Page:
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The Russian composer's long and active residence in New York City makes any celebration here of his work seem exceedingly fitting. With Russian-American soprano Dina Kuznetsova, baritone Shea Owens, and theremin player Dalit Warshaw joining pianist/arranger Steven Blier and pianist Michael Barrett, the NYFOS's tribute was a stellar evening.

Concert Review: New York Festival of Song – ‘From Russia to Riverside Drive: Rachmaninoff and Friends’ (NYC Nov. 10 2015)

Dina Kuznetsova, photo by Karli Cadel
Dina Kuznetsova, photo by Karli Cadel

The New York Festival of Song opened its 28th season with a tribute to Sergei Rachmaninoff, who wrote several song cycles during the first (Russian) half of his long career. After moving to New York to escape the revolutionary violence in his native country, the composer never returned to the song form. But his long and active residence in our city makes any celebration of his work seem exceedingly fitting. In the event, with Russian-American soprano Dina Kuznetsova, baritone Shea Owens, and theremin player Dalit Warshaw joining pianist/arranger Steven Blier and pianist Michael Barrett, the NYFOS’s tribute was a stellar evening.

The selections spanned a quarter-century of Rachmaninoff’s creative output, from the early “In the Silence of the Night,” written when the composer was just 17, to some of the modernistic, expressively questioning songs of his Opus 38, from 1916. The program notes, together with Blier’s warmly funny and deeply appreciative onstage commentary, placed the songs in context, while, supported by fine accompaniment from the pianists, Owens and Kuznetsova delivered them with glorious voices and all the feeling and musicianship the composer deserves.

Owens’s rich, woodsy baritone seemed perfect for Rachmaninoff’s emotional language. The baritone charged the above-mentioned yearning love song “In the Silence” with the brash confidence of a head-in-the-clouds teenager; the recitative-like “Beloved, Let Us Fly” with artful composure; and Rachmaninoff’s only comic song, “Were You Hiccuping?”, with cabaret-style playacting. His impressive high note punctuated the rustling-of-leaves piano figures in “The Torrents of Spring.” In all his numbers he was a commanding presence with a twinkle in his eye.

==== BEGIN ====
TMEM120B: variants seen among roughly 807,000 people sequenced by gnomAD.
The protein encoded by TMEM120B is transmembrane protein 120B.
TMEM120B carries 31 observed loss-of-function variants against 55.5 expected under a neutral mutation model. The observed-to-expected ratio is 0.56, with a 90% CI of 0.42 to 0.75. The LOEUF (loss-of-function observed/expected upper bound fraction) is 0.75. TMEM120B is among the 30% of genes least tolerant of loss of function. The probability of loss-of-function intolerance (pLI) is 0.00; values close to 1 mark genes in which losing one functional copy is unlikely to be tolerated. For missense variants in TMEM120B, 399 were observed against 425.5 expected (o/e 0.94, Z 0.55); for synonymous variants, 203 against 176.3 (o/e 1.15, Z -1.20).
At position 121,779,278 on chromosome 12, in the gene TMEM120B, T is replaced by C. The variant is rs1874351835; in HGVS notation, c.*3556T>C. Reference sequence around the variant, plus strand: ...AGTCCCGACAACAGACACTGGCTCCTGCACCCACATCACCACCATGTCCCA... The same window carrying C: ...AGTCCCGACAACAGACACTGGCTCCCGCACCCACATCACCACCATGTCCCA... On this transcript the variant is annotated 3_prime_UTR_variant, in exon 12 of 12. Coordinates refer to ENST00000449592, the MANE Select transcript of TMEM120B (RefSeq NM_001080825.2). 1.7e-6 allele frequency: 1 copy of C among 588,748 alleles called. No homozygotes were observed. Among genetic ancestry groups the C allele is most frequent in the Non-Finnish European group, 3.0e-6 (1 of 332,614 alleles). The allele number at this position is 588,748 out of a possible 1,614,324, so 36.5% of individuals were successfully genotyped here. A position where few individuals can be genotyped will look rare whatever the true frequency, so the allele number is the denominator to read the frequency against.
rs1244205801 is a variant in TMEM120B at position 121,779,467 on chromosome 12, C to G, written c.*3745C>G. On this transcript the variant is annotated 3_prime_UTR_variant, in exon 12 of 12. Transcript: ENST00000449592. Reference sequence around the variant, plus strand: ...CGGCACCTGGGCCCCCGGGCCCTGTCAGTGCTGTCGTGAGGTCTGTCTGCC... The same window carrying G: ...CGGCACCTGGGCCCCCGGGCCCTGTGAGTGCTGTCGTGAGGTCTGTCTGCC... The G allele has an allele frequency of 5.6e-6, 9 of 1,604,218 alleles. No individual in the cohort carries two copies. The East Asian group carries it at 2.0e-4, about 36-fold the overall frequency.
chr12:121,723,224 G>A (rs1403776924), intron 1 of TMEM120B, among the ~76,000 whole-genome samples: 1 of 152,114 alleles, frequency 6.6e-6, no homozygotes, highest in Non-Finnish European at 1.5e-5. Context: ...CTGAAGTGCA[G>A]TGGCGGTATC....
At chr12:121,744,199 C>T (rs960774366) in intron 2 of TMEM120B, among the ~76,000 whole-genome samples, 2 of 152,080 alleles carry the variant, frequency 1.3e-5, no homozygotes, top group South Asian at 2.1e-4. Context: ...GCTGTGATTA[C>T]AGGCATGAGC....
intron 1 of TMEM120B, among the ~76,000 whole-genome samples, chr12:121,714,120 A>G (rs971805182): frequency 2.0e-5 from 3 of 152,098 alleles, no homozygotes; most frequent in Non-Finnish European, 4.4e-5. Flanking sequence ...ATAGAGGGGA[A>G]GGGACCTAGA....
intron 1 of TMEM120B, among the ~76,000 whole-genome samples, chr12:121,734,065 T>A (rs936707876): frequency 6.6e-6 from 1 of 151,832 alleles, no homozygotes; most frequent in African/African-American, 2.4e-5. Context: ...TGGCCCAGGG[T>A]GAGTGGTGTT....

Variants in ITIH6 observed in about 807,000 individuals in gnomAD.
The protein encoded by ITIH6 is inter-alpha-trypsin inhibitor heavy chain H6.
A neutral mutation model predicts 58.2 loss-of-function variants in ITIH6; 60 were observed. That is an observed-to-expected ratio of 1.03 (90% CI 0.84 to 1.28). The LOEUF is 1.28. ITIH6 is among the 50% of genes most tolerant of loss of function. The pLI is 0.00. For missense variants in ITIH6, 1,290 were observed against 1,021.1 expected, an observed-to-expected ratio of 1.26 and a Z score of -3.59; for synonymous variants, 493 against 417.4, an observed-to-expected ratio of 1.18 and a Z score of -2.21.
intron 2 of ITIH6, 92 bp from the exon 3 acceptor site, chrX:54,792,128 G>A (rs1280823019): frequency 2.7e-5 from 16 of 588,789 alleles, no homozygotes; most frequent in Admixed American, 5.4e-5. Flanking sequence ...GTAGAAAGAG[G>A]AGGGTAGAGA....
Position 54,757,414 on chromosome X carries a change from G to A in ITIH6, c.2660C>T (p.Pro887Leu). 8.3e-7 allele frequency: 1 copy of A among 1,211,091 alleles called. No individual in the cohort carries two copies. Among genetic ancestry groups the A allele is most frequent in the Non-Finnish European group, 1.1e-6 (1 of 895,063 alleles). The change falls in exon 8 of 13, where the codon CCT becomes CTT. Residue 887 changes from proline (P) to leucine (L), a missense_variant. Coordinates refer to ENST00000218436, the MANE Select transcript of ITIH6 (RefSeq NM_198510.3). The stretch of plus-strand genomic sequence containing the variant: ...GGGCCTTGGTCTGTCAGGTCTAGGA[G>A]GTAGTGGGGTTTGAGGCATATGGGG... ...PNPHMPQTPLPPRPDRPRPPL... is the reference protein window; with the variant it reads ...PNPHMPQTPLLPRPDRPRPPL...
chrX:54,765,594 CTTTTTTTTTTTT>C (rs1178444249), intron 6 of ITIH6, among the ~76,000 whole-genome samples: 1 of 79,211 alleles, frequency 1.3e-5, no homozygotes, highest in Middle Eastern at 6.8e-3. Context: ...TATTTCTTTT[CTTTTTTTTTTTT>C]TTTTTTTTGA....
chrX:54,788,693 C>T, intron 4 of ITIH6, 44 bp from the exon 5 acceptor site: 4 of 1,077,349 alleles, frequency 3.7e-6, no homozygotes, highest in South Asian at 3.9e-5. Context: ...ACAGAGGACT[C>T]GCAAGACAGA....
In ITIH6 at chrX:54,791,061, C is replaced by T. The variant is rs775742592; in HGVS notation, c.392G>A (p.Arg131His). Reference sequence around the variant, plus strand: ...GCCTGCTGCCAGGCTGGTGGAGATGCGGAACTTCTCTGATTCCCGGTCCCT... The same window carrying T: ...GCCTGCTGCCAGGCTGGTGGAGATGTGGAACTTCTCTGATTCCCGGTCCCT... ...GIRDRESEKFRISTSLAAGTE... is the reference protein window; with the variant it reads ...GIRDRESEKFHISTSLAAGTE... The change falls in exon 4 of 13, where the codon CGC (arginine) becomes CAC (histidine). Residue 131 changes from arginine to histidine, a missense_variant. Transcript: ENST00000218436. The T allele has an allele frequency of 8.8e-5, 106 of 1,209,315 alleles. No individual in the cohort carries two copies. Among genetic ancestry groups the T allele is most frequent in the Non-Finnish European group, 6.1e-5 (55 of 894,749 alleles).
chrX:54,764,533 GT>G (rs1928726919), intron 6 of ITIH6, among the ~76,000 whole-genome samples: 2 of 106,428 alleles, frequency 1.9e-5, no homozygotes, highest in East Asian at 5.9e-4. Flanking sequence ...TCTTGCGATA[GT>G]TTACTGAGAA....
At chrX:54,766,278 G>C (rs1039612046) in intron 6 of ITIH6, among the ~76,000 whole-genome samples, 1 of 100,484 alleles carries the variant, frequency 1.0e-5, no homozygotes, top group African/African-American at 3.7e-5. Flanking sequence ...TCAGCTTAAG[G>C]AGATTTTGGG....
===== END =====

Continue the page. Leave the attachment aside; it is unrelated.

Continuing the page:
I’ve never been a fan of operatic singers taking on jazz and pop songs. Rather than elevating them, it often makes them sound, to me, somehow cheap or hollow. But Owens sang George and Ira Gershwin’s “Little Jazz Bird” artfully enough that I didn’t hate it.

That was one of a handful of songs on the program by composers Rachmaninoff crossed paths with in New York, also including Joseph Schillinger, two of whose “Vocalises” (songs without words) NYFOS presented with the theremin taking the melody. I’ve always been intrigued by that eerie electronic instrument, which you play by moving your hands along its elements without actually touching anything. As Blier commented, the theremin never really caught on after an initial flush of popularity in the early 20th century, possibly – I suspect – in part because it’s really hard to play completely in tune. But it was certainly a fun element to include in this program.

Kuznetsova was simply spectacular. In “To Her,” inspired by Rachmaninoff’s infatuation a century ago with the star soprano Nina Koshetz, her modern-day successor was somehow regally intimate, moving easily between queenly dominance and princess-like innocence. Kuznetsova sang the peaceful vision of death called “Melody” like a tragic operatic ingenue, and her voice shone like 24-carat gold in the relatively well-known “Harvest of Sorrow,” wafting effortlessly through sweetness, storminess, and a simple, gentler clarity.

The concert ended (save an encore that brought the whole ensemble together for a surprise number) with two of Rachmaninoff’s most intriguing songs, both from Opus 38. Kuznetsova sang the gossamer melody of “Sleep” as Blier played the composer’s light, dreamy chords that go unexpected places. She shone again in “A-oo!,” the last song the composer ever wrote, with Barrett sensitively spinning out its lengthy piano coda to its unresolved conclusion.

That lack of resolution was a fitting closing for a tribute to a composer who had come to the end of a stage of life knowing not where he would wind up or even if he would make it out alive. Here in New York, where he lived his last 17 years at 505 West End Avenue, we’re glad he did.

The NYFS season continues with “Schubert|Beatles” on December 8, 2015. See www.nyfos.org for details.

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About Jon Sobel

Jon Sobel is a Publisher and Executive Editor of Blogcritics as well as lead editor of the Culture & Society section. As a writer he contributes most often to Culture, where he reviews NYC theater; he also covers interesting music releases. Through Oren Hope Marketing and Copywriting at http://www.orenhope.com/ you can hire him to write or edit whatever marketing or journalistic materials your heart desires. Jon also writes the blog Park Odyssey at http://parkodyssey.blogspot.com/ where he visits every park in New York City. And by night he's a part-time working musician: lead singer, songwriter, and bass player for Whisperado, a member of other bands as well, and a sideman.

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